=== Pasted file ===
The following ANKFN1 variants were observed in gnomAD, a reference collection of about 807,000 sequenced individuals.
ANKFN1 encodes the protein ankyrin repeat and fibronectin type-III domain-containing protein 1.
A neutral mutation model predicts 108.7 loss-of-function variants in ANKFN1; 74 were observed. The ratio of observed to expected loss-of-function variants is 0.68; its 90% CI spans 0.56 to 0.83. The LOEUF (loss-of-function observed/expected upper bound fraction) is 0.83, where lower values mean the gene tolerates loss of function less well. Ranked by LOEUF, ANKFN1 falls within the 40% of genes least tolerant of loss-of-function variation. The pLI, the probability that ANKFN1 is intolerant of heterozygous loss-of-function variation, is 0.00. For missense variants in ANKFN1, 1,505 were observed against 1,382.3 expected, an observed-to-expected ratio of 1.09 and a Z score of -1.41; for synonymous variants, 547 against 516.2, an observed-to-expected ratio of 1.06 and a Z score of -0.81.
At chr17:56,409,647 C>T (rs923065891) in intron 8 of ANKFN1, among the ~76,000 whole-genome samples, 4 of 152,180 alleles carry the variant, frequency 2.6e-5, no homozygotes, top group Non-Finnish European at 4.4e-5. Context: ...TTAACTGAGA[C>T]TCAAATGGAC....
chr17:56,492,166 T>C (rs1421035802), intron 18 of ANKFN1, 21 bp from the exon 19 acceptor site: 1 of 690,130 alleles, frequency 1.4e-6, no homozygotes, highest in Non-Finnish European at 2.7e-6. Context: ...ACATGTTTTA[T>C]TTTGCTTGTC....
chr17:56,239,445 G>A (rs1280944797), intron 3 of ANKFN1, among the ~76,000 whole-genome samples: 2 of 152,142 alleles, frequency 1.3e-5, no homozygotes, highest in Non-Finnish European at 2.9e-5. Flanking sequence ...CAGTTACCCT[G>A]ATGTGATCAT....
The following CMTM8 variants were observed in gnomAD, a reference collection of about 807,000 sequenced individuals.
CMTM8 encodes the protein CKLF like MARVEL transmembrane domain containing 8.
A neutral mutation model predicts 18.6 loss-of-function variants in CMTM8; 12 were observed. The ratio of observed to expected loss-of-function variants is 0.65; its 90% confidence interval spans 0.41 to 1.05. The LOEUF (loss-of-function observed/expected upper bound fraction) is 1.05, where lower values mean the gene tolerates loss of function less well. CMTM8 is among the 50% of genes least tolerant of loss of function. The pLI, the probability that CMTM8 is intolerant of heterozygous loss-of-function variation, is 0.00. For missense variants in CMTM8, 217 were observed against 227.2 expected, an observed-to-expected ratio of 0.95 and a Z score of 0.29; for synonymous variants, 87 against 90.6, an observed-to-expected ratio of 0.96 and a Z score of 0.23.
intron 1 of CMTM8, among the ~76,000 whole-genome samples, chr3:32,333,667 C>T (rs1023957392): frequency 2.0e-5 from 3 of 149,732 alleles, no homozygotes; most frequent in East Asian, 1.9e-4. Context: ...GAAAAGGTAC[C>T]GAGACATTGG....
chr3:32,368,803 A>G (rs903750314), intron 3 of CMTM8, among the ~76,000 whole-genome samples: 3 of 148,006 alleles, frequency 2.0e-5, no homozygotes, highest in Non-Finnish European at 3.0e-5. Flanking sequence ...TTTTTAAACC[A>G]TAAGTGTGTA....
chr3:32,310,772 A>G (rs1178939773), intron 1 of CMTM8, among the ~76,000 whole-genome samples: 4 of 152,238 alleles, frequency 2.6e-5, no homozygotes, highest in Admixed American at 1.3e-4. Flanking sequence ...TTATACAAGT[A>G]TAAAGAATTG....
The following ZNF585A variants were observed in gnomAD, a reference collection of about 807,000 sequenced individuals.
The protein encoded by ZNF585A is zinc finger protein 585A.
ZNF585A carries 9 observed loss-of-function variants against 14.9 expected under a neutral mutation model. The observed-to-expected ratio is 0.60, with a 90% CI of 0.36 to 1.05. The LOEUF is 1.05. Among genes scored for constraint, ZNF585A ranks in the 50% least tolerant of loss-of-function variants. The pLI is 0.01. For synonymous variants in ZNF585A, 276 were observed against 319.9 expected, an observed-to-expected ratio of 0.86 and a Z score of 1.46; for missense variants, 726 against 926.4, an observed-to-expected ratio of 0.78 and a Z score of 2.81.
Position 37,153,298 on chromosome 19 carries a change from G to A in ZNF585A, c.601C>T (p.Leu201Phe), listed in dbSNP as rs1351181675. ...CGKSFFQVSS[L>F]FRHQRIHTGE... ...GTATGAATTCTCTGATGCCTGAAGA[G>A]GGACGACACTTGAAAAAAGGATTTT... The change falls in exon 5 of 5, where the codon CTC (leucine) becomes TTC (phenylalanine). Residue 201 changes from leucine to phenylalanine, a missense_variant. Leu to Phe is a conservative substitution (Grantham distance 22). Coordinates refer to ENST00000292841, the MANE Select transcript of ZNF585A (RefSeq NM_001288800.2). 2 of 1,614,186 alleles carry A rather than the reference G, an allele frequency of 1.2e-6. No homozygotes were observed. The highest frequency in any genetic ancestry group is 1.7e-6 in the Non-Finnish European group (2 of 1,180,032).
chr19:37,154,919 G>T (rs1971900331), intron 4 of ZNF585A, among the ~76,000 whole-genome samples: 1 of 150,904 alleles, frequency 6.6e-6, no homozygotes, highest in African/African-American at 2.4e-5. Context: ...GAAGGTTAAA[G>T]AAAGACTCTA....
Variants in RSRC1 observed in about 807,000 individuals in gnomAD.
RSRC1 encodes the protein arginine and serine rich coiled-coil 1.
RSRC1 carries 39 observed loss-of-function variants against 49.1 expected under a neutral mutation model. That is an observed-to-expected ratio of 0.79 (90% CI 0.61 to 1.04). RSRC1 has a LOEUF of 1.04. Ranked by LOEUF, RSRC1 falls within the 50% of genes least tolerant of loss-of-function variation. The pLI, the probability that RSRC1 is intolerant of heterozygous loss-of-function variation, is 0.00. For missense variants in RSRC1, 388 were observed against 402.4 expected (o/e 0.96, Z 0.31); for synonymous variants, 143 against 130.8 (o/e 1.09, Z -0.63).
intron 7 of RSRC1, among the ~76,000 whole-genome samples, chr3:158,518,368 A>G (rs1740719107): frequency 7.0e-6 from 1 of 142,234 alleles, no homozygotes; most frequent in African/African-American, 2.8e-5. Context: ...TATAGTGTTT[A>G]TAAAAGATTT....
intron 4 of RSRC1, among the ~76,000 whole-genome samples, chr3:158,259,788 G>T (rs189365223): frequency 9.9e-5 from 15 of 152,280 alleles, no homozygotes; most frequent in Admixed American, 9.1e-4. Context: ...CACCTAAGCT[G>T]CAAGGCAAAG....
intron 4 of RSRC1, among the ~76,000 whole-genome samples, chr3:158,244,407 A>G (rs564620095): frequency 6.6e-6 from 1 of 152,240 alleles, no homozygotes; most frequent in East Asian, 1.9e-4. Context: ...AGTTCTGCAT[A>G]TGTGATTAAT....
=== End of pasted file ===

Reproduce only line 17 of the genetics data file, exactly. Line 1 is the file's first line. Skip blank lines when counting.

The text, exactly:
chr19:37,154,919 G>T (rs1971900331), intron 4 of ZNF585A, among the ~76,000 whole-genome samples: 1 of 150,904 alleles, frequency 6.6e-6, no homozygotes, highest in African/African-American at 2.4e-5. Context: ...GAAGGTTAAA[G>T]AAAGACTCTA....